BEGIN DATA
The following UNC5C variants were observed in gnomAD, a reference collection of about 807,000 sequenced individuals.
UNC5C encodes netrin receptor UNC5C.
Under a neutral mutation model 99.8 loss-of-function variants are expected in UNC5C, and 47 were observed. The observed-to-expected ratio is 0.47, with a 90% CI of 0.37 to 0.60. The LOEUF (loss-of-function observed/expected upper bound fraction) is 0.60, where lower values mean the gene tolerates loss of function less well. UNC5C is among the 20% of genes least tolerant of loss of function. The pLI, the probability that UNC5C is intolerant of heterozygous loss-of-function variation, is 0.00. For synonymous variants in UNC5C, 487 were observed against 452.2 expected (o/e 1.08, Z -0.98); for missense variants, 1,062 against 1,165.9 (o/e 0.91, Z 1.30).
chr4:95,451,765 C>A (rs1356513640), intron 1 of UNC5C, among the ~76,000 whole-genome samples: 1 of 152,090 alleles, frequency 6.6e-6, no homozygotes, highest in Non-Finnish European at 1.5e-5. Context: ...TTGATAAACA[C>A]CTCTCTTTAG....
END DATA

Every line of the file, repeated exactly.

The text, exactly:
The following UNC5C variants were observed in gnomAD, a reference collection of about 807,000 sequenced individuals.
UNC5C encodes netrin receptor UNC5C.
Under a neutral mutation model 99.8 loss-of-function variants are expected in UNC5C, and 47 were observed. The observed-to-expected ratio is 0.47, with a 90% CI of 0.37 to 0.60. The LOEUF (loss-of-function observed/expected upper bound fraction) is 0.60, where lower values mean the gene tolerates loss of function less well. UNC5C is among the 20% of genes least tolerant of loss of function. The pLI, the probability that UNC5C is intolerant of heterozygous loss-of-function variation, is 0.00. For synonymous variants in UNC5C, 487 were observed against 452.2 expected (o/e 1.08, Z -0.98); for missense variants, 1,062 against 1,165.9 (o/e 0.91, Z 1.30).
chr4:95,451,765 C>A (rs1356513640), intron 1 of UNC5C, among the ~76,000 whole-genome samples: 1 of 152,090 alleles, frequency 6.6e-6, no homozygotes, highest in Non-Finnish European at 1.5e-5. Context: ...TTGATAAACA[C>A]CTCTCTTTAG....